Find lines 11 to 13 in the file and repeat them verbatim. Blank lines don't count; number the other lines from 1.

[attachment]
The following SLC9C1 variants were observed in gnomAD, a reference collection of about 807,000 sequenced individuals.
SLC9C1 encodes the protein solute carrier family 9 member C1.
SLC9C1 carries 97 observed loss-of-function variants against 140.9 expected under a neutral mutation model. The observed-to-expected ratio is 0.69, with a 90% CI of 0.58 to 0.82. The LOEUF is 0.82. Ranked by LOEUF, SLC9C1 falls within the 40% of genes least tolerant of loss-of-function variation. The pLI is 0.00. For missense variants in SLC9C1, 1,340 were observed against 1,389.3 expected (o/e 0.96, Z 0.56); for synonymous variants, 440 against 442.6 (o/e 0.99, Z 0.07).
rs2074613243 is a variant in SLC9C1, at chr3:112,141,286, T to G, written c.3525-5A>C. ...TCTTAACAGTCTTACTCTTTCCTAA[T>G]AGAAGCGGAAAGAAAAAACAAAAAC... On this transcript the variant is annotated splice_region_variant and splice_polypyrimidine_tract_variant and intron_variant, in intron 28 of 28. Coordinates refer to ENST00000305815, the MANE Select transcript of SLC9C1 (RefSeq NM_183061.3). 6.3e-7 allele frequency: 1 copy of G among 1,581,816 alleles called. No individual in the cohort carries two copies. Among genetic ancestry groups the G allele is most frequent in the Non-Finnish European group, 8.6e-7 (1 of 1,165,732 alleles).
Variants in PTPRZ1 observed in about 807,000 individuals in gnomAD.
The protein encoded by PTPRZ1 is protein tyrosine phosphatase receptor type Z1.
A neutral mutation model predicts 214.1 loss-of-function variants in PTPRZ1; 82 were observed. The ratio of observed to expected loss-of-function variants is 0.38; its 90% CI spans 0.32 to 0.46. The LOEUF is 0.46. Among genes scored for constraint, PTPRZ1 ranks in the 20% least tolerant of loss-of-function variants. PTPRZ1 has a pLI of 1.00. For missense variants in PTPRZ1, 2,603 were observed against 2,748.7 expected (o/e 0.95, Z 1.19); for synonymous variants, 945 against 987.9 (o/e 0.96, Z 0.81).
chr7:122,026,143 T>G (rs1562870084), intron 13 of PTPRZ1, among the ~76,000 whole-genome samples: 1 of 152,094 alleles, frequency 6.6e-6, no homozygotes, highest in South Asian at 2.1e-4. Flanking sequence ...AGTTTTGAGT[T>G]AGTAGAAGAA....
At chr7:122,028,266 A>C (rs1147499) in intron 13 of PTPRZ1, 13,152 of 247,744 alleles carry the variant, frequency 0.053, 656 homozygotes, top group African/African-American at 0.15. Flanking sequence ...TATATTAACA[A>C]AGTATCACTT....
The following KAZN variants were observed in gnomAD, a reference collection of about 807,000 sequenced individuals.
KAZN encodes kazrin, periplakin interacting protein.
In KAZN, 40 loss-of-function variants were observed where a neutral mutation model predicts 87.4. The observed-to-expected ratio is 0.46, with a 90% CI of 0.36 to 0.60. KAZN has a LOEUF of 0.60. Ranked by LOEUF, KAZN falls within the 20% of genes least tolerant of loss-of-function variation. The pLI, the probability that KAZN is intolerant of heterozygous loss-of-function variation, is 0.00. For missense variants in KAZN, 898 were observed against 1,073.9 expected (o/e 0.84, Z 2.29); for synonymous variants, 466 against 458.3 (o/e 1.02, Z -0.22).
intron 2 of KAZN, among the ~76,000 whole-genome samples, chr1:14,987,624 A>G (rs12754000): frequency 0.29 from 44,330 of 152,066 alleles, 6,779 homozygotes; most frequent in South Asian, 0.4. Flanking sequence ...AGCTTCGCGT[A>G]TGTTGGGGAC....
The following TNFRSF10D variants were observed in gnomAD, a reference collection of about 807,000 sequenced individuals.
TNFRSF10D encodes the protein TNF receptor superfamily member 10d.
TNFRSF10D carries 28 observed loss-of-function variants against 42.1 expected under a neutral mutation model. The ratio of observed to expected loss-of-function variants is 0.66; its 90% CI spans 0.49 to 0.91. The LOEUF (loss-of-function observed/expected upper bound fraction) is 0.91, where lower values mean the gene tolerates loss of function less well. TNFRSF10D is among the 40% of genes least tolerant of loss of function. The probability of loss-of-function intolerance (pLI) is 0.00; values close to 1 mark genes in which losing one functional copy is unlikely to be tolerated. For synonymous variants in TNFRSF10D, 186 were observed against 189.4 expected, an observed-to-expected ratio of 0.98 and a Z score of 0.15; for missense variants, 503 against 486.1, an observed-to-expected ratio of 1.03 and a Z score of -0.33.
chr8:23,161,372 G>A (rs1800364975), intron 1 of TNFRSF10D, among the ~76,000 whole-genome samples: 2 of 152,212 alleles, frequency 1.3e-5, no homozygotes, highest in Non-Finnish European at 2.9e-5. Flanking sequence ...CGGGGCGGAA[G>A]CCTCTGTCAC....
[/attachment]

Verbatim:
KAZN encodes kazrin, periplakin interacting protein.
In KAZN, 40 loss-of-function variants were observed where a neutral mutation model predicts 87.4. The observed-to-expected ratio is 0.46, with a 90% CI of 0.36 to 0.60. KAZN has a LOEUF of 0.60. Ranked by LOEUF, KAZN falls within the 20% of genes least tolerant of loss-of-function variation. The pLI, the probability that KAZN is intolerant of heterozygous loss-of-function variation, is 0.00. For missense variants in KAZN, 898 were observed against 1,073.9 expected (o/e 0.84, Z 2.29); for synonymous variants, 466 against 458.3 (o/e 1.02, Z -0.22).
intron 2 of KAZN, among the ~76,000 whole-genome samples, chr1:14,987,624 A>G (rs12754000): frequency 0.29 from 44,330 of 152,066 alleles, 6,779 homozygotes; most frequent in South Asian, 0.4. Flanking sequence ...AGCTTCGCGT[A>G]TGTTGGGGAC....